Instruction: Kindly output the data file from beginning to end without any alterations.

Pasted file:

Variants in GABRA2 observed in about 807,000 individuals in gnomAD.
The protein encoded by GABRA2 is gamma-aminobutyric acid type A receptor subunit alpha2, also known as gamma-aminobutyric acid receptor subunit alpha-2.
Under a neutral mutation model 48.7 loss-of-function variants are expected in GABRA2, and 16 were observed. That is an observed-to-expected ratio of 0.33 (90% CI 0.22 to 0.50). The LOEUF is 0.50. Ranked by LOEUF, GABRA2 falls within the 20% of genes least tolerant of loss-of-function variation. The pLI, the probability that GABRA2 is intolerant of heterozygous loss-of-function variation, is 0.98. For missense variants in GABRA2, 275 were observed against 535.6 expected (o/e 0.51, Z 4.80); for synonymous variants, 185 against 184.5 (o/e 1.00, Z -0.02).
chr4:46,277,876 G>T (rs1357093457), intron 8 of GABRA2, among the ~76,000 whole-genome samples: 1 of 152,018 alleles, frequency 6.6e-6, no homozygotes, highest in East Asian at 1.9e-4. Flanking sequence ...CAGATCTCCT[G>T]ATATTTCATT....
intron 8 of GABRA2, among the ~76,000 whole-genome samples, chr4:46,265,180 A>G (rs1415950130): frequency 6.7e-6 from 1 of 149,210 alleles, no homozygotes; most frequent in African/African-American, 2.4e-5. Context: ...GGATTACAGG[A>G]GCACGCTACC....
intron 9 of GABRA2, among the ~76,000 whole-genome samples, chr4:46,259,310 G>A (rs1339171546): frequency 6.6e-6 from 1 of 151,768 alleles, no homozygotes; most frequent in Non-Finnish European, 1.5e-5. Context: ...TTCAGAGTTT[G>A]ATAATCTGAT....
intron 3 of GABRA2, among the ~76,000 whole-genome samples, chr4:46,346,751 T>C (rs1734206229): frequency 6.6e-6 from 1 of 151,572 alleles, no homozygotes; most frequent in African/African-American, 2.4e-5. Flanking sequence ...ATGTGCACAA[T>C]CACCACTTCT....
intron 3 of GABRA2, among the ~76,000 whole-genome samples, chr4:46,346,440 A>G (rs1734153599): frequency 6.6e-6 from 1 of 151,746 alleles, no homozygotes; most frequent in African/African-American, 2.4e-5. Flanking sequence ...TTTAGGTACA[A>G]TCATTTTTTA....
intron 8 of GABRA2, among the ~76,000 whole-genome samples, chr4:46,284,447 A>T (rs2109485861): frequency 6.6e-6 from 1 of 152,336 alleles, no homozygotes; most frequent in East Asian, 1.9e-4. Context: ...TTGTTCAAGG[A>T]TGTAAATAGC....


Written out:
Variants in GABRA2 observed in about 807,000 individuals in gnomAD.
The protein encoded by GABRA2 is gamma-aminobutyric acid type A receptor subunit alpha2, also known as gamma-aminobutyric acid receptor subunit alpha-2.
Under a neutral mutation model 48.7 loss-of-function variants are expected in GABRA2, and 16 were observed. That is an observed-to-expected ratio of 0.33 (90% CI 0.22 to 0.50). The LOEUF is 0.50. Ranked by LOEUF, GABRA2 falls within the 20% of genes least tolerant of loss-of-function variation. The pLI, the probability that GABRA2 is intolerant of heterozygous loss-of-function variation, is 0.98. For missense variants in GABRA2, 275 were observed against 535.6 expected (o/e 0.51, Z 4.80); for synonymous variants, 185 against 184.5 (o/e 1.00, Z -0.02).
chr4:46,277,876 G>T (rs1357093457), intron 8 of GABRA2, among the ~76,000 whole-genome samples: 1 of 152,018 alleles, frequency 6.6e-6, no homozygotes, highest in East Asian at 1.9e-4. Flanking sequence ...CAGATCTCCT[G>T]ATATTTCATT....
intron 8 of GABRA2, among the ~76,000 whole-genome samples, chr4:46,265,180 A>G (rs1415950130): frequency 6.7e-6 from 1 of 149,210 alleles, no homozygotes; most frequent in African/African-American, 2.4e-5. Context: ...GGATTACAGG[A>G]GCACGCTACC....
intron 9 of GABRA2, among the ~76,000 whole-genome samples, chr4:46,259,310 G>A (rs1339171546): frequency 6.6e-6 from 1 of 151,768 alleles, no homozygotes; most frequent in Non-Finnish European, 1.5e-5. Context: ...TTCAGAGTTT[G>A]ATAATCTGAT....
intron 3 of GABRA2, among the ~76,000 whole-genome samples, chr4:46,346,751 T>C (rs1734206229): frequency 6.6e-6 from 1 of 151,572 alleles, no homozygotes; most frequent in African/African-American, 2.4e-5. Flanking sequence ...ATGTGCACAA[T>C]CACCACTTCT....
intron 3 of GABRA2, among the ~76,000 whole-genome samples, chr4:46,346,440 A>G (rs1734153599): frequency 6.6e-6 from 1 of 151,746 alleles, no homozygotes; most frequent in African/African-American, 2.4e-5. Flanking sequence ...TTTAGGTACA[A>G]TCATTTTTTA....
intron 8 of GABRA2, among the ~76,000 whole-genome samples, chr4:46,284,447 A>T (rs2109485861): frequency 6.6e-6 from 1 of 152,336 alleles, no homozygotes; most frequent in East Asian, 1.9e-4. Context: ...TTGTTCAAGG[A>T]TGTAAATAGC....